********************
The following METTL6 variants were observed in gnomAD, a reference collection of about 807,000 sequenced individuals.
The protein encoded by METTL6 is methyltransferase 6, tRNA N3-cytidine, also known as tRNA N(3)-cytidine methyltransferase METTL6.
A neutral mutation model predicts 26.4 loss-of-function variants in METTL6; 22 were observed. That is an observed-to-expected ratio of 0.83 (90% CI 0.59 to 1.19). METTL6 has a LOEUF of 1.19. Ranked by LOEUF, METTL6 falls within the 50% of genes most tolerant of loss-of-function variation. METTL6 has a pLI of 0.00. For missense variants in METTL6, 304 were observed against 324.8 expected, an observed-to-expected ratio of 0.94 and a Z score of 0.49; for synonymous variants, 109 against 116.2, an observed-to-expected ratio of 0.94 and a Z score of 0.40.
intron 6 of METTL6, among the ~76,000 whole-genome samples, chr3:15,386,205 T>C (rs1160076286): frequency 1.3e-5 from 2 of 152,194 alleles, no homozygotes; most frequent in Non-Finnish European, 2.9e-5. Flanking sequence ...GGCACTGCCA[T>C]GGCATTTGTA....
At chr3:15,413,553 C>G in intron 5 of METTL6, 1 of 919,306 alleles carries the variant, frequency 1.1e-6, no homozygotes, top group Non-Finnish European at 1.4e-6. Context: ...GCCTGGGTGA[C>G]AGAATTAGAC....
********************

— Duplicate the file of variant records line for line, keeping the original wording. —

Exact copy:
The following METTL6 variants were observed in gnomAD, a reference collection of about 807,000 sequenced individuals.
The protein encoded by METTL6 is methyltransferase 6, tRNA N3-cytidine, also known as tRNA N(3)-cytidine methyltransferase METTL6.
A neutral mutation model predicts 26.4 loss-of-function variants in METTL6; 22 were observed. That is an observed-to-expected ratio of 0.83 (90% CI 0.59 to 1.19). METTL6 has a LOEUF of 1.19. Ranked by LOEUF, METTL6 falls within the 50% of genes most tolerant of loss-of-function variation. METTL6 has a pLI of 0.00. For missense variants in METTL6, 304 were observed against 324.8 expected, an observed-to-expected ratio of 0.94 and a Z score of 0.49; for synonymous variants, 109 against 116.2, an observed-to-expected ratio of 0.94 and a Z score of 0.40.
intron 6 of METTL6, among the ~76,000 whole-genome samples, chr3:15,386,205 T>C (rs1160076286): frequency 1.3e-5 from 2 of 152,194 alleles, no homozygotes; most frequent in Non-Finnish European, 2.9e-5. Flanking sequence ...GGCACTGCCA[T>C]GGCATTTGTA....
At chr3:15,413,553 C>G in intron 5 of METTL6, 1 of 919,306 alleles carries the variant, frequency 1.1e-6, no homozygotes, top group Non-Finnish European at 1.4e-6. Context: ...GCCTGGGTGA[C>G]AGAATTAGAC....